One of the distinctions between CAAF and the Courts of Criminal Appeals is the scope of their review. Article 66(d)(1) provides a positive mandate for the Courts of Criminal Appeals to affirm only such findings of guilt and the sentence as the Court finds correct in law and fact, and what it determines should be approved. This means these courts conduct a factual sufficiency review, to determine if there is sufficient evidence to prove guilt beyond a reasonable doubt. It also means they can determine the appropriateness of a sentence for reasons other than legal error. In contrast, Article 67(c)(4) provides CAAF may only take action with respect to matters of law. So CAAF does not have jurisdiction to conduct a factual sufficiency or sentence appropriateness review of the case.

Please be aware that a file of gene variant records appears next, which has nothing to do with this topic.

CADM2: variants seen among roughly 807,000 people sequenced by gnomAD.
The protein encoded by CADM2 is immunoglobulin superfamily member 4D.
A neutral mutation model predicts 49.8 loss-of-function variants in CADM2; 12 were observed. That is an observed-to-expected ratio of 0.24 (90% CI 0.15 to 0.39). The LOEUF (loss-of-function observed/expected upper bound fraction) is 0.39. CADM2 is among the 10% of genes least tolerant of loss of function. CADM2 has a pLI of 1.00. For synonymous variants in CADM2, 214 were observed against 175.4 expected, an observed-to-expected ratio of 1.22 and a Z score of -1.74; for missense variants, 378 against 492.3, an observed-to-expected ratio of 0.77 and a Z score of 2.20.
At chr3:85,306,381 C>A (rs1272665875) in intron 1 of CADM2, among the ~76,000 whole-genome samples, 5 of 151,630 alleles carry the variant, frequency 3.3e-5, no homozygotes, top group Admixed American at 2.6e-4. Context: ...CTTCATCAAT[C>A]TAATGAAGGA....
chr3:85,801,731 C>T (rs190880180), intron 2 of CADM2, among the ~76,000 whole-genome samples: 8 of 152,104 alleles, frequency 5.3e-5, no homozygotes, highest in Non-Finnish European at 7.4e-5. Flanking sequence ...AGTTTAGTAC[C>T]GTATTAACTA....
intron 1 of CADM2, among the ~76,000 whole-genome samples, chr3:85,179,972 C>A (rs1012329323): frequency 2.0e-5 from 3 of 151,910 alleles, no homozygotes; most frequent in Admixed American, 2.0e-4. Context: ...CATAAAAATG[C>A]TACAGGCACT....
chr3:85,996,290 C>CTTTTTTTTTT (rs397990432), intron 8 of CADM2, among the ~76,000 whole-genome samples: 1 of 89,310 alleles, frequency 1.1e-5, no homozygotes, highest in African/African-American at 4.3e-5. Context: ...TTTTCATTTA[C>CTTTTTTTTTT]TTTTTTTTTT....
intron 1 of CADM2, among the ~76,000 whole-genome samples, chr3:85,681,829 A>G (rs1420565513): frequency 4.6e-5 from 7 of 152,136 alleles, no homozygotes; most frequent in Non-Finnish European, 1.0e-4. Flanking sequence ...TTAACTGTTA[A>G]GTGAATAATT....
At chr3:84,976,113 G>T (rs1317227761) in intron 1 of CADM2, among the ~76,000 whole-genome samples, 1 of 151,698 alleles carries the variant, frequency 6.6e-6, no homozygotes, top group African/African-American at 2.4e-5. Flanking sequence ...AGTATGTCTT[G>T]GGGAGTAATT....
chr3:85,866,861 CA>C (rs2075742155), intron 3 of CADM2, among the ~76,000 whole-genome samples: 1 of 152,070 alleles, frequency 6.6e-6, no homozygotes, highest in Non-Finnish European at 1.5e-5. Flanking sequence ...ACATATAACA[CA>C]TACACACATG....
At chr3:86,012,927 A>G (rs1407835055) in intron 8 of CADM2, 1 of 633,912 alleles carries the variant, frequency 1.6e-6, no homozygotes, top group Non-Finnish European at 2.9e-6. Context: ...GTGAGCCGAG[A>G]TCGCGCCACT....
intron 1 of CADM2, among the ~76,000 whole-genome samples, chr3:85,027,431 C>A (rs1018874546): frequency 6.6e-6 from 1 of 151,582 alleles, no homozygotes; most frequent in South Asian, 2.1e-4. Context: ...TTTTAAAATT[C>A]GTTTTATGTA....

If you find yourself facing a court-martial or other military justice proceeding, I know just how complex these matters can be. I encourage you to reach out for a free consultation about your rights.